Thursday, May 04, 2017

FLASH OVERRIDE Message to the Pentagon

Since September 11, 2001, we expanded special forces operators to reduce the new stress on them from the war on terror, but apparently we expanded their missions to keep the stress level the same or higher. Stop that.

This is not good:

America's special operations forces on the front lines in the war on terrorism are unable to retool and recharge because the elite commando units are in constant demand, a situation that is risking serious readiness challenges for the future, a top commander told Congress Tuesday.

It takes a lot of training and experience to create our special forces that are the envy of other militaries.

But over-use will drive those operators with years or decades left of service out from exhaustion at the pace.

The signs of the stress are there if we'd see them.

The Pentagon--or perhaps more importantly their civilian bosses--needs to react before this gets into a death spiral of stress, departures and death, and more stress on those who remain.

The end point of that path is a mission carried out by operators not nearly as good or healthy as those who order the mission believe they are. That mission will end badly.


Some special operations units have found themselves in an “unsustainable” deployment tempo, with warfighters deployed for six months, home for six months and then heading back out the door again, the head of U.S. Special Operations Command told the Senate Armed Services Committee today.

Due to the high operating tempo, “we’re having some challenges for recruiting” as the Army downsizes its active force, SOCOM commander Army Gen. Raymond Thomas told lawmakers. The command is capped at 69,000 members, with members from all services but drawing the most warfighters from the Army.

Overall, “we can sustain the rate of deployment,” but “there are challenges on the force,” Thomas said.

With all due respect to General Thomas, I don't think SOC can sustain the rate of deployment.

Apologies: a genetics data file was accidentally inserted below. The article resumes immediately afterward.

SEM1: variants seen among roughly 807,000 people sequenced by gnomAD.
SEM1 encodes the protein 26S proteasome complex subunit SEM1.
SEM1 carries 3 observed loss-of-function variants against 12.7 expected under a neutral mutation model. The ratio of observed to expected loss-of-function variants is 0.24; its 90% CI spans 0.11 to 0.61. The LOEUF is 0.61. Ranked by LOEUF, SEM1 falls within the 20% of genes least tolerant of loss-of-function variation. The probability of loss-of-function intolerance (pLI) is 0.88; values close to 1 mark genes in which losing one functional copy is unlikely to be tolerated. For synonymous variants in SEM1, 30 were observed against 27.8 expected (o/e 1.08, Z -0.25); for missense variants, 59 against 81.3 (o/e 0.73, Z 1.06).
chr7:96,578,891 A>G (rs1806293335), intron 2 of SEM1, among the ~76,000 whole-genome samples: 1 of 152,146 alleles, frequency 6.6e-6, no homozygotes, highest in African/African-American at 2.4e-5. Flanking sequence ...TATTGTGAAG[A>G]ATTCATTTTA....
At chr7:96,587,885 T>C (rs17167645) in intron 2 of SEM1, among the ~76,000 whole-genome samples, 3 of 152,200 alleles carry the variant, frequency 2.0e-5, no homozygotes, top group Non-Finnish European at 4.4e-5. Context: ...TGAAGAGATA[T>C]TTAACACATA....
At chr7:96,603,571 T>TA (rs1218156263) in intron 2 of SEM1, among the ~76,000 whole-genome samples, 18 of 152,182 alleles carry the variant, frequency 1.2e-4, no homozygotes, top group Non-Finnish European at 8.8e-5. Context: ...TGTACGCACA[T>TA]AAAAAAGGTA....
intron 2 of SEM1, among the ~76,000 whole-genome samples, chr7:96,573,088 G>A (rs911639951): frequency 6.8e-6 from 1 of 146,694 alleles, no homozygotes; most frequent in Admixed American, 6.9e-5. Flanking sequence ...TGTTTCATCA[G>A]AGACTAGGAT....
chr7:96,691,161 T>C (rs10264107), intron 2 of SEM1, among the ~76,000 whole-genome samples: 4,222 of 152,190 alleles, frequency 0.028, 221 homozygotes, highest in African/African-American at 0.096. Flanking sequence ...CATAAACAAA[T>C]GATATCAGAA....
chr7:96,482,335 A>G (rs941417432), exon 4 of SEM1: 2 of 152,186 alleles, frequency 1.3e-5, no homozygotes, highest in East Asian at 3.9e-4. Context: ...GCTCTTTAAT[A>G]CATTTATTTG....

UPDATE: Good advice:

But the truth about these operators is that for all their successes, they can’t actually have that much of an impact. The very nature of their training and standards weans thousands of recruits down to a highly-motivated elite, with stupendous capabilities for a few select missions.

But they are very few.

And in America’s struggle against violent Islamism today, there is little evidence that individuals matter. It is no accident that even our operators’ finest moment — the killing of Osama Bin Laden, six years ago this week — did not fundamentally change the extremist threat America faced.

The bigger picture apart from the strain on our special forces is that military action--whether a team of operators, air strikes, or an entire army--is largely a holding action against jihadis to protect the West while the Islamic civil war is waged to define whether Islam will look like the Islamist version of violent and intolerant Islam or whether it will allow more moderate strains to define Islam.

Special forces have a role, of course. But they are not a substitute for Moslems winning that civil war in a way that defeats and delegitimizes Islamist fanaticism.

People mock the Arab Spring. But it was the first real sign that Arabs wanted democracy--as ill understood as it was (rule of law is needed as much as voting)--rather than "pure" Islamist rule to replace corrupt autocrats (whose corruption and failures give rise to Islamists). I don't see the Arab Spring as a failure. It was the first partial success in a long process (did the West or anyone else just flip a switch to democracy?) to make Islam compatible with democracy